Why Are The Feds Overlooking Mortgage Brokers?
Jul 19th, 2008 @ 4:09 PM by Alden Smith
In a previous post I discussed the steps the Fed is taking to stop shoddy and unethical mortgage practices. I saw it as a good thing. I am troubled by the fact that the Fed isn’t rolling it out until October 2009, and, because it was of interest, decided to dig further into the concept. Some feel that the Fed isn’t taking this far enough in its stance, and others, such as the banking industry, feel it is sticking its nose in where it should have no right to go. This is all well and good – everyone is entitled, you know.
Some of what I gathered shocked me out of my complacency a bit, and some things only made me nod my head. As in all things governmental, I find that the Fed stopped short of making these new regulations effective. I applaud their effort to go after the unethical advertising and the “liar loans” but think that overlooking the role mortgage brokers play in the mortgage market is just short of criminal. According to the Fed, 60% of loans were originated through mortgage brokers in the last several years. One has to acknowledge that at least he Fed is being honest – they say that consumers “often are unaware that a broker’s interests may diverge from, and conflict with, their own interests.”
The big picture here is that mortgage brokers have their interest in mind, not the borrower. Brokers get higher compensation for placing a consumer in a higher-interest, riskier loan. A major problem has been the abuse of yield spread premiums, and instead of the Fed dealing with this issue, the Fed withdrew its proposal for even a modest rule requiring brokers to disclose whether they were getting a premium.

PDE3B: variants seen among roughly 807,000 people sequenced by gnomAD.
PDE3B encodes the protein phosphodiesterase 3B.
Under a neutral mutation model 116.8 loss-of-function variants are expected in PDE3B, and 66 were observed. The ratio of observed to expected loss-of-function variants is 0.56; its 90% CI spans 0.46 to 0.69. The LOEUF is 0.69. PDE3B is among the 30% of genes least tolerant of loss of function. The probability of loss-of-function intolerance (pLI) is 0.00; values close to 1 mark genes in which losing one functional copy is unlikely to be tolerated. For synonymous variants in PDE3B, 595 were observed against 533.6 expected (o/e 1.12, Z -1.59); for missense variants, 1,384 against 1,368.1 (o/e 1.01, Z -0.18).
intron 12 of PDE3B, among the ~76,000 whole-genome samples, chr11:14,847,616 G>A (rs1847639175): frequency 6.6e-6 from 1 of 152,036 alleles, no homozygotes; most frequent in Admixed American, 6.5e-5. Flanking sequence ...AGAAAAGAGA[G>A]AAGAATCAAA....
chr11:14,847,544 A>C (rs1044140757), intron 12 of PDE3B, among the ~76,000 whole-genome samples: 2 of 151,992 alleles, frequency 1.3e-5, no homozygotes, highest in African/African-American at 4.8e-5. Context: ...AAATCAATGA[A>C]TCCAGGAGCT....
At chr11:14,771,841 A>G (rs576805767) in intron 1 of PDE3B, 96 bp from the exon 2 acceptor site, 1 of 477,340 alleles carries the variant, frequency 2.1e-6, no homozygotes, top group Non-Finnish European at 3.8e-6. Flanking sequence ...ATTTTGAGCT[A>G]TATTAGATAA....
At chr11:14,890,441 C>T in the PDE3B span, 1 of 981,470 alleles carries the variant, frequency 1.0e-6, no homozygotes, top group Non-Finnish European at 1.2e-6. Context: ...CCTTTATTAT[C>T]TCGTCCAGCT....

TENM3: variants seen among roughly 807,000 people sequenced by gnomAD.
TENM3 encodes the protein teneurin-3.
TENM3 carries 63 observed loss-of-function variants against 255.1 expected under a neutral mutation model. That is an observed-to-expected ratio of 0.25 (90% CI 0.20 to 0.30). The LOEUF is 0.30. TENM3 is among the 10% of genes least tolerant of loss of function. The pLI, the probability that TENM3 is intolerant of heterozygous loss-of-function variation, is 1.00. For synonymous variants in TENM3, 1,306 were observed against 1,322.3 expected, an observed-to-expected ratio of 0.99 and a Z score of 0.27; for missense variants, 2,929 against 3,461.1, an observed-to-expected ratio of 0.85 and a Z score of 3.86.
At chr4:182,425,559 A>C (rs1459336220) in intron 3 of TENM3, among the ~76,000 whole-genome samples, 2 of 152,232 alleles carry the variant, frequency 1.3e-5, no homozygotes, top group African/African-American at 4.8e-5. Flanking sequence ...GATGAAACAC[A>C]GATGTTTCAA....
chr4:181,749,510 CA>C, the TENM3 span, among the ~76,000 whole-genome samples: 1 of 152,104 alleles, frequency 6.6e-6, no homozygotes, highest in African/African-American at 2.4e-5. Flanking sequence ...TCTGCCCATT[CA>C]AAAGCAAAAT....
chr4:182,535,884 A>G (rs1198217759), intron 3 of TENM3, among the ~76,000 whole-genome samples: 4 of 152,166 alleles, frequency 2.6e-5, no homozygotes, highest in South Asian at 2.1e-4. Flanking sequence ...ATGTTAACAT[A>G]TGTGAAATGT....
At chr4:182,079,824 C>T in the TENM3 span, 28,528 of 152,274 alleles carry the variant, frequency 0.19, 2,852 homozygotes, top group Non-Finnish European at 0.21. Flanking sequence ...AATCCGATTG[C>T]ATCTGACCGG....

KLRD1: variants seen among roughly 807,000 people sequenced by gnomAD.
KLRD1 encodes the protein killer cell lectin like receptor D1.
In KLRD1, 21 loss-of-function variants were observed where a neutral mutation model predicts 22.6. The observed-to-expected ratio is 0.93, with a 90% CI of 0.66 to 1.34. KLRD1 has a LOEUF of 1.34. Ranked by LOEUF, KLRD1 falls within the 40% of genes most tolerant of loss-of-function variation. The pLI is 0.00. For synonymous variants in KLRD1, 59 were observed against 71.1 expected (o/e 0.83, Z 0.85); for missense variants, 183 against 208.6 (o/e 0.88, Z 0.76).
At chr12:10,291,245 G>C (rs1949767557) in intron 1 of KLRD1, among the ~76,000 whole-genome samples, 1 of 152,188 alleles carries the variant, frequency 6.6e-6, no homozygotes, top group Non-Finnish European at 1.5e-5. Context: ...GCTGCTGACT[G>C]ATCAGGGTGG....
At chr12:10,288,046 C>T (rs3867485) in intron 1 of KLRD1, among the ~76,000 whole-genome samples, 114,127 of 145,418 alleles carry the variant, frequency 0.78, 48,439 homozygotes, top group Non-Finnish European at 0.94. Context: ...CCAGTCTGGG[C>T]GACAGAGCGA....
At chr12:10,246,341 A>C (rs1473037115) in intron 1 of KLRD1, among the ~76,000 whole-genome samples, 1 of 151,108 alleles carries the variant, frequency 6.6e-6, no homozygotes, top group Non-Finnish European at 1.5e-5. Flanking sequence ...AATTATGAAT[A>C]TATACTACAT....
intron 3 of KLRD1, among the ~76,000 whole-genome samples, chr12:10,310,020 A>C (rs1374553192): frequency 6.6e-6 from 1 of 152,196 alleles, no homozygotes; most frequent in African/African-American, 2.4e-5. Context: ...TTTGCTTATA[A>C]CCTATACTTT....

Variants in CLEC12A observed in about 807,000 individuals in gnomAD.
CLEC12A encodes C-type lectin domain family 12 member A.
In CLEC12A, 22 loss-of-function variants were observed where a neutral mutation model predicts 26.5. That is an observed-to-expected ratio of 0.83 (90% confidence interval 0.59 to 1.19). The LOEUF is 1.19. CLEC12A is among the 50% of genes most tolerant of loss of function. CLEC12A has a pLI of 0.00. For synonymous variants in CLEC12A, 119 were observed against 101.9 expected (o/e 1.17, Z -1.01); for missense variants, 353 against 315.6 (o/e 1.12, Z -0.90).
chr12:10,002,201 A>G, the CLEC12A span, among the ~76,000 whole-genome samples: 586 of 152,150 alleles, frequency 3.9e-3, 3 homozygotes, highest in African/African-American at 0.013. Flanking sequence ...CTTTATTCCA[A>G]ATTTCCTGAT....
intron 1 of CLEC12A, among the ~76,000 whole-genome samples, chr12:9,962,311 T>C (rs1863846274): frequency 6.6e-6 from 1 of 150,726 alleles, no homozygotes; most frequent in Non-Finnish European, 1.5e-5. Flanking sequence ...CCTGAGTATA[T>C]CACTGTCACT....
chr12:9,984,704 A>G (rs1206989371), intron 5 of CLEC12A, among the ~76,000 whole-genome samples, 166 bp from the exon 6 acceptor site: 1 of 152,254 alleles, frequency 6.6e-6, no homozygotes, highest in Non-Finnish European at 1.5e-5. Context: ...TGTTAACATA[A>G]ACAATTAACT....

Studies have shown that a lot of people – 55 to 61% to be exact -have qualified for a standard fixed rate 30 year loan. But these people were steered into a higher risk subprime loan because the mortgage broker got the luxury of a higher commission. No truth in lending, no customer service, just “what’s in it for me?” And now, with the Fed turning a blind eye to these practices, they will continue their practice of ripping off the consumer.
I have said it before, and say it again – without proper and honest regulation, the troubles of the present will continue. Not only does housing and the economy suffer, but banks and brokers, if left unchecked, will still drive people to places they shouldn’t have to go. And with nothing being done to address this, it makes all the other efforts fruitless.